End of part one

Were it not for unforeseen circumstances, today would have marked the halfway point of the Screen Plays research project. We are at the end of the eighteenth month of what was originally a three-year project. But thrillingly my colleague on the project Dr Amanda Wrigley is pregnant with twins, who are due in the middle of February, and so the project will be extended into early 2015. To mark this moment, I thought it might be interesting to detail which of the 150 previous posts have proved to be the most popular with readers. Continue reading

Bookshelf: The Wars of the Roses (1970) by John Barton with Peter Hall

In my earlier post about Michael Barry’s memoir From the Palace to the Grove which details his life in television from 1938 to 1952 I lamented that he did not twin this revealing volume with a personal account of his later career. That prompted me to pull from my shelf a handsome volume that, in part, is a commemoration of one of Barry’s greatest small-screen triumphs. The Wars of the Roses by John Barton with Peter Hall (and some assistance from William Shakespeare) was published by the British Broadcasting Corporation in 1970. That date is rather odd since it is the script of an adaptation of four of Shakespeare’s History plays that was first seen in Stratford-upon-Avon in August 1963 and then shown in three parts on BBC Television on 8, 15 and 22 April 1965. Continue reading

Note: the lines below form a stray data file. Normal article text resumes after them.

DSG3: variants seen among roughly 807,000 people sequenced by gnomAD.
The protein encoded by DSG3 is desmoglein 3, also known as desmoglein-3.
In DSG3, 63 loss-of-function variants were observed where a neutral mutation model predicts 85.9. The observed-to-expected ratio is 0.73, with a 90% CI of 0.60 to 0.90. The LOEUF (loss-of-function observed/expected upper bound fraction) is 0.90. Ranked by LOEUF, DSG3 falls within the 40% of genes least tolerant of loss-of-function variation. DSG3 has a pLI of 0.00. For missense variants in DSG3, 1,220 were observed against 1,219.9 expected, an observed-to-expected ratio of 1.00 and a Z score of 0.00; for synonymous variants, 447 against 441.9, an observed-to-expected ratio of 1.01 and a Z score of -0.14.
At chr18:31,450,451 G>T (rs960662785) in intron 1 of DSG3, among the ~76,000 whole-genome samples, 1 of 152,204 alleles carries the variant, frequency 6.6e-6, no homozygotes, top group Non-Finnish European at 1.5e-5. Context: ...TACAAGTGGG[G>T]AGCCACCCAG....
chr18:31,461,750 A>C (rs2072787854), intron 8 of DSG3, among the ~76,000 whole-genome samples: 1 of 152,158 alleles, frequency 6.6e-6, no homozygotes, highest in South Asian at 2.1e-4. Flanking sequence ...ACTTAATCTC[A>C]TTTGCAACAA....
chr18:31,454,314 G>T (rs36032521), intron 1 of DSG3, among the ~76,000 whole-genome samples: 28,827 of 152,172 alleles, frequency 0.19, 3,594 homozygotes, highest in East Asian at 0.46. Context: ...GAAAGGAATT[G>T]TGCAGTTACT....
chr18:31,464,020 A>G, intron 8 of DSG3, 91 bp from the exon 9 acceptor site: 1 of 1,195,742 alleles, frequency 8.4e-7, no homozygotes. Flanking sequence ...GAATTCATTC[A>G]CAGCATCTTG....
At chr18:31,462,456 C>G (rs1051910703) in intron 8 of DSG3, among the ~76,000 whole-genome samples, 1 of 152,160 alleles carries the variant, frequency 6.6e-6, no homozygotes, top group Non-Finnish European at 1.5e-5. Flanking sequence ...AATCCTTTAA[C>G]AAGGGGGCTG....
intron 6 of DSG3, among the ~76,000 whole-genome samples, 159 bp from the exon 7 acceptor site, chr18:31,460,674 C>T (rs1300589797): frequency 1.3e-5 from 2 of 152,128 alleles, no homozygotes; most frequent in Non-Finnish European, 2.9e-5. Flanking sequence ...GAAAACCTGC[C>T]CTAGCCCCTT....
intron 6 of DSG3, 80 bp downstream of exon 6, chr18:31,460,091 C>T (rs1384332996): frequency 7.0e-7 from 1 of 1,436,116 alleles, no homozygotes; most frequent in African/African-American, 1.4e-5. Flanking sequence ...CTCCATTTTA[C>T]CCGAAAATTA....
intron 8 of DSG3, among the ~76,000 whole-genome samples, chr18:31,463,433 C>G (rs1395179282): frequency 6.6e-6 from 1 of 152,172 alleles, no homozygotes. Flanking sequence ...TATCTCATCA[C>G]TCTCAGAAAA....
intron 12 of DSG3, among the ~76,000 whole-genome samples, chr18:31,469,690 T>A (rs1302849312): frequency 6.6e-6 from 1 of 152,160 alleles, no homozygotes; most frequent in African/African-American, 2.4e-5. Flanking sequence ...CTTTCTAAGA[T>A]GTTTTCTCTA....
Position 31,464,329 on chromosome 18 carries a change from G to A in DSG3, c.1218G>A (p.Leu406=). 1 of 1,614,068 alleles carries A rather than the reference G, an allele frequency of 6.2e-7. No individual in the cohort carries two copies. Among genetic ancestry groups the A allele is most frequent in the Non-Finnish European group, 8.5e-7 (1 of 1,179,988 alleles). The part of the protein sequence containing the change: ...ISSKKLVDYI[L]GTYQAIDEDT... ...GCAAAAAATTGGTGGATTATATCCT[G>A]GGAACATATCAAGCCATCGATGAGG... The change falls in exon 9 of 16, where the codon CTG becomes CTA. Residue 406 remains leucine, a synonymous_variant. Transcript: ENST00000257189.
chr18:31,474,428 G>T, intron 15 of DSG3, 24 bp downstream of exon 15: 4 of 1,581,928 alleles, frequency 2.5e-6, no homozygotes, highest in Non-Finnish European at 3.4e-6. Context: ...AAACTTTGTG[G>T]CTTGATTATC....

Bookshelf: From the Palace to the Grove (1992) by Michael Barry

It has been a while since we contributed a volume to the Screen Plays virtual bookshelf, although previous reviews can be found here, here, here, here and here. I want to remedy the lack with a brief response to a fascinating memoir written in 1987 by Michael Barry who was BBC Head of Drama from 1952 to 1961. There is an excellent summary of his career at the British Television Drama website, including an outline of why he left the corporation in 1961 after disagreements over the direction of his department. From the Palace to the Grove, however, chronicles his years in television before he took up the executive position and covers his work as a producer from 1938 to 1951. Continue reading

A note about relying on Radio Times

Although most of our recent blog posts have been about particular productions of stage plays on television, and although we most definitely intend to continue contributing these, we also want to use the blog to reflect on the ways in which we are conducting our research. This post comes from my recognition this week that the central source from which Amanda and I are working, the weekly BBC publication Radio Times, is perhaps not quite as reliable, especially in the earliest years of television, as we might once have thought. Continue reading

Our 100th post: the 2011 top 10

As a way of saying goodbye to the old year, I thought it might be interesting to detail which of our previous 99 posts have attracted the most attention. This can be measured quite precisely in terms of the views for each individual post, and so the list that follows features the ten posts that received the most views between 1 June and 31 December this year. Amanda’s revelatory post on the Open University’s largely unknown Macbeth from 1977 was by some measure the most popular offering, and after that it was Amanda’s excellent series about Greek plays on television that were most appreciated. Continue reading